Series: The "Cosmogonic" Form of Genesis 1 (3 entries)
Series adapted from the article "The Narrative Form of Genesis 1: Cosmogonic, Yes; Scientific, No”, originally published in 1984 in the Journal of the American Scientific Affiliation (now Perspectives on Science and Christian Faith). It is reprinted with permission. The ideas in this essay are drawn by Hyers’ excellent book The Meaning of Creation: Genesis and Modern Science.
The Aroma of the Knowledge of God: How the Sense of Smell Inspires Worship and Awe
I’ve always thought of the sense of smell as a more intimate sense than most other senses. For in smelling, the thing that we smell becomes almost a part of us.
Evolution in the Holy Land
An Ancient and Dynamic Universe
While reading about and studying the processes that gave rise to this astonishing world, please don’t forget that it is beautiful. It is not merely mechanics, but poetry.
Saturday Science Links: October 18, 2014
Collection of the best articles of the past several weeks on science (and faith) from around the web.
Evolution and the Christian, part 2: Fearfully and Wonderfully Made
Some of the Christian objections to evolutionary creation come from a misunderstanding of what the Bible means when it says “God created”.
Series: “Origins” Book Club (6 entries)
The Tradition of Wisdom for Today: a Relational Theology of Science
Faith after Literalism: An Interview with Michael Gungor
Musician Michael Gungor talks about the recent controversy over the evolution of his views on evolution, science, and biblical authority.
What Do the Arts Have to Do with Evangelism?
The purpose of Jesus’s art was to give verbal, visual, and dramatic forms to those complicated and confounding relationships, symmetries, and harmonies between himself, the father and spirit, and between the triune God and the world… Such creative expressions did not and do not make everything clear, but rather resist simple clarity, forcing their hearers to come at the whole complicated truth from a position of intellectual and spiritual humility.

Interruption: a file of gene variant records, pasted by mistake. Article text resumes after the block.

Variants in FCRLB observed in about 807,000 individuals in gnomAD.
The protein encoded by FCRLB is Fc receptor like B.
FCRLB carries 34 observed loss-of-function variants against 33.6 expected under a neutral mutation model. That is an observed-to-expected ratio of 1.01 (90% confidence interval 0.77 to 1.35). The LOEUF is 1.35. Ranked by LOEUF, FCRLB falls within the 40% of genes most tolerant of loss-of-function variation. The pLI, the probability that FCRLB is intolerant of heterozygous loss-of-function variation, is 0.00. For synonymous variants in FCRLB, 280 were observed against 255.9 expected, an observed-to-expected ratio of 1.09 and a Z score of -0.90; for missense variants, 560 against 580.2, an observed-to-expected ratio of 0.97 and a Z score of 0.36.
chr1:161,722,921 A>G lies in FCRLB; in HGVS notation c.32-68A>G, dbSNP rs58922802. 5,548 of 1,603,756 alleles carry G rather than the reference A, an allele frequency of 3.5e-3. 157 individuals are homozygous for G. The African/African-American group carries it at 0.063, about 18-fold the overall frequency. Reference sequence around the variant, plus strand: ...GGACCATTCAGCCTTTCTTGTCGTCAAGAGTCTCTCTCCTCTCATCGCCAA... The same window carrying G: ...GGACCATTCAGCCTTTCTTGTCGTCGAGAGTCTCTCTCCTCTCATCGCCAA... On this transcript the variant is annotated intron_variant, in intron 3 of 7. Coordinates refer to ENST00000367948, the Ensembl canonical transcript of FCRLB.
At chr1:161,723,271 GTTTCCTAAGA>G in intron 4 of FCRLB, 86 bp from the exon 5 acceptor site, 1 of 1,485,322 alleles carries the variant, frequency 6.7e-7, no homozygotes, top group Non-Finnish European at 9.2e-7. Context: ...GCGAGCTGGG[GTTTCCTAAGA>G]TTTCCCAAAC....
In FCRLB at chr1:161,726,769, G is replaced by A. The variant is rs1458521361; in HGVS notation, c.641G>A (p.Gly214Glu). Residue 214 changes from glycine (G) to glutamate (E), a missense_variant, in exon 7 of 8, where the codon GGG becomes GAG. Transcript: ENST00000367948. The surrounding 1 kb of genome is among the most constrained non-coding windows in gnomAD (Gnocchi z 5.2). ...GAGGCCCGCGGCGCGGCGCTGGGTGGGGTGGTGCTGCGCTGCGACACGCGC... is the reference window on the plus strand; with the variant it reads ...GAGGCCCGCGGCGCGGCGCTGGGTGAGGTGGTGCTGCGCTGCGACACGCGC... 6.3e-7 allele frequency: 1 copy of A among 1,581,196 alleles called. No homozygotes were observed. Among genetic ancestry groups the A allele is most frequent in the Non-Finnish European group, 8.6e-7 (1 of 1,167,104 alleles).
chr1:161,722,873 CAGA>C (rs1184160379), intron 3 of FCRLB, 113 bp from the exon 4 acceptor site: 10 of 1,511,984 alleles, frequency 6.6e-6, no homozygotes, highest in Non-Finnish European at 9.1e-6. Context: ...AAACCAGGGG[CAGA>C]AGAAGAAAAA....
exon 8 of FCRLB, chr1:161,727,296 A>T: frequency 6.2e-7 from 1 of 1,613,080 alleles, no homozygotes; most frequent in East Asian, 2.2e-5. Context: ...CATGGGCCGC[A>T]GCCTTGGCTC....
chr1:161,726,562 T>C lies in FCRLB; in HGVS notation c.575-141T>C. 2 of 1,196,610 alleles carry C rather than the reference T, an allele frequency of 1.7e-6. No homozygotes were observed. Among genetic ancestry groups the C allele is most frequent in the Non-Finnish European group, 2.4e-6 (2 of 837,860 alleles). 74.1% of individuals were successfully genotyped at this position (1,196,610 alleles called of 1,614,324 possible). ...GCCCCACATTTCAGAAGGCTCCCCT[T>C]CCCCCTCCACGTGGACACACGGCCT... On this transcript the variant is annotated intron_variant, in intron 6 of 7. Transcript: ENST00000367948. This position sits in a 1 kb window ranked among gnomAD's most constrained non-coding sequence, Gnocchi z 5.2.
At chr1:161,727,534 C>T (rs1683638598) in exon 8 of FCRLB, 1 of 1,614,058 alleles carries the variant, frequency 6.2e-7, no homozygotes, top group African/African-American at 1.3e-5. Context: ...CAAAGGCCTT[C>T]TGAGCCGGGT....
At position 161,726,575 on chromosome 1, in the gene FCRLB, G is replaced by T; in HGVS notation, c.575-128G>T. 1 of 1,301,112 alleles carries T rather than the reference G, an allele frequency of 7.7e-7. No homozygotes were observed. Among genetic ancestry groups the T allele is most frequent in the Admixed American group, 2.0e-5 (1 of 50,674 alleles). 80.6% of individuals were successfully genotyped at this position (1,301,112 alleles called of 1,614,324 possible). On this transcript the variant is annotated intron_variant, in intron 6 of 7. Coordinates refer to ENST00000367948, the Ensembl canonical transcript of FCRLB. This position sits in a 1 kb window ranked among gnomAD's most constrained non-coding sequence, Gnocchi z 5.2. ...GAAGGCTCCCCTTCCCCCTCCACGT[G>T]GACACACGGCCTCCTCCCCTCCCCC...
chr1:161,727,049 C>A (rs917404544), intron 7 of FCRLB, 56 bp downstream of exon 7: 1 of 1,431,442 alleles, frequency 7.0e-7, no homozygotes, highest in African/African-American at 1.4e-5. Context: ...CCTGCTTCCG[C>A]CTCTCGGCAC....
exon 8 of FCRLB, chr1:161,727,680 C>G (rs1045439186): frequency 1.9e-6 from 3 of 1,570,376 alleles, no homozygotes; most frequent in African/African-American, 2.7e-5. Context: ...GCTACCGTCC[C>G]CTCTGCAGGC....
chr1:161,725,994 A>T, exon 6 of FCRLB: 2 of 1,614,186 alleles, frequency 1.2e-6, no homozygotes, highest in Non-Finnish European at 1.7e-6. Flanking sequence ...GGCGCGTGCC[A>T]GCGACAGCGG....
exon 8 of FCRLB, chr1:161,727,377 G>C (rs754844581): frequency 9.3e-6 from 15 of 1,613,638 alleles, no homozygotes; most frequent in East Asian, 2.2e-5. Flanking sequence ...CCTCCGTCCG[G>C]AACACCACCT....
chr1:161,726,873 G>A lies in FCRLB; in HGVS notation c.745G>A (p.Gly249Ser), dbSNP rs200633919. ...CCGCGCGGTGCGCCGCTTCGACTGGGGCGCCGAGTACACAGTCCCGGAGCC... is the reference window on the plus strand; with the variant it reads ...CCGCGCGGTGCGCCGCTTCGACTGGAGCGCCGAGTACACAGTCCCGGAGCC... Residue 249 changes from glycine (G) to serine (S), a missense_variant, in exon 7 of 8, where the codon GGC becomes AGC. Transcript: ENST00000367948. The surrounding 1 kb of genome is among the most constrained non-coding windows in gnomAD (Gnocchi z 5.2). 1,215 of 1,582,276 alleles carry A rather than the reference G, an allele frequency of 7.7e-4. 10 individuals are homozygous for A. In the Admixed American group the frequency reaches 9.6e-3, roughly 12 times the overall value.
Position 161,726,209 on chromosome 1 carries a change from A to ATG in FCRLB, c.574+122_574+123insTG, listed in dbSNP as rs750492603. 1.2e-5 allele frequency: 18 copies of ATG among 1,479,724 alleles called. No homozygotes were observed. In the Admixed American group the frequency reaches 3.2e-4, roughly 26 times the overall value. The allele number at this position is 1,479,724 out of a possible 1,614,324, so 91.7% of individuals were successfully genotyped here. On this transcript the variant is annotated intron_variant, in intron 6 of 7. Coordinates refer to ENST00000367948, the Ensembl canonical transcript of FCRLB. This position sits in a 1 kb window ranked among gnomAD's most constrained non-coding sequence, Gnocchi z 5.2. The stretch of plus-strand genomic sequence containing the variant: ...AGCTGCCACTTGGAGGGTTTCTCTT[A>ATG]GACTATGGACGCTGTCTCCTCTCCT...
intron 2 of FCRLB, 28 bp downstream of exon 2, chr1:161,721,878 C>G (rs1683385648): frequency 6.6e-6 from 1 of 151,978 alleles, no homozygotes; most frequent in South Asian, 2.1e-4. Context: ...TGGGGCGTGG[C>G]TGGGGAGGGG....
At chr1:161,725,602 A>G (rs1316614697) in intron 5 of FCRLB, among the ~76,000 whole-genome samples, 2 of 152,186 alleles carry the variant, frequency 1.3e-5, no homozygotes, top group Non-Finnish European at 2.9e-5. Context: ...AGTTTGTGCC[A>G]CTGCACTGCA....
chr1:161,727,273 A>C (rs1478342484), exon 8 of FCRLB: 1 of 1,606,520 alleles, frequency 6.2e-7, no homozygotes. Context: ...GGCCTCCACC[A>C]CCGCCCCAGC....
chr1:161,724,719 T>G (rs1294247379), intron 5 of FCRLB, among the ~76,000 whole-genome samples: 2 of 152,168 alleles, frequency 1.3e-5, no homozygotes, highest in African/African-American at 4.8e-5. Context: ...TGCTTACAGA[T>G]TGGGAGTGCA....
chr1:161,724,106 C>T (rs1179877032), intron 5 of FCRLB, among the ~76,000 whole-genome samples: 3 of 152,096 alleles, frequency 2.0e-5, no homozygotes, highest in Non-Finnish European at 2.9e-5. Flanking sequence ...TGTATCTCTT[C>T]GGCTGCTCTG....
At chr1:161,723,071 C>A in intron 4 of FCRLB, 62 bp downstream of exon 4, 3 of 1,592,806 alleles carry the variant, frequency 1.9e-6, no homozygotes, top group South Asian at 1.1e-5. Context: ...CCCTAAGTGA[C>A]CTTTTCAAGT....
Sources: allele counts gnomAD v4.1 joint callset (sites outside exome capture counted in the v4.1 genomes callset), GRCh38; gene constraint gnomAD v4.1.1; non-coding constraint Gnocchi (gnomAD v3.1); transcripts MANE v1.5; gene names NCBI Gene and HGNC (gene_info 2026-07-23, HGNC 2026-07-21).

No Place Like Home: An interview with ECF grantee Seung-Hwan Kim
Everyone is so worried about success and getting this or that honorable diploma—the people here are smart and understand many complex things perfectly—but it’s a long distance from the head to the heart.
Creation for Kids
Children’s books are more than stories. They can become familiar narratives children listen to over and over. So it’s worth asking - Are the books we’re reading doing a good job of portraying God and His Creation?
Series: Creation, Evolution, and the Over-Active Imagination (2 entries)
BioLogos Basics Video #3: What about the Bible?
What we do learn from scripture is that there is only one Creator and that there’s a clear distinction between God and the created world. And that we who are created in the image of God are able to investigate a creation that is remarkably tuned for our discovery.
New Videos Online from the ECF “Author of Life” Project
When you are in church, do you act and speak differently than when you are in school? Do you tend to compartmentalize what you learn about in Biology class from what you learn about in Sunday School?
The Noah Movie
Russell Crowe as Noah was no superhero. He was very human—perhaps too human for those who’d prefer he remain in the flannel graph world of our Sunday School stories.
Praying the Psalms: Psalm 19
The Psalmist is saying that when we walk outside and look up, the heavens are telling us two things about God: they tell us about his glory, and they tell us about what his hands can do.
An Enriched Creation
Scripture gives us multiple ways of looking at things, and a classic example of this is the parables of Jesus. Many of these involve looking at nature. For example, natural events like seeds growing—and what Jesus seems to be saying is look there is a surface reading of nature—and then there is the deeper reading, where you begin to realize there are levels of meaning that we don’t pick up on our first acquaintance.
Seeing God in the Stars
As a Christian, I can’t think of a more beautiful process for God to have blessed the production of the elements that we need for life than the beauty of stars. In fact, we are told that we shine like stars in the universe.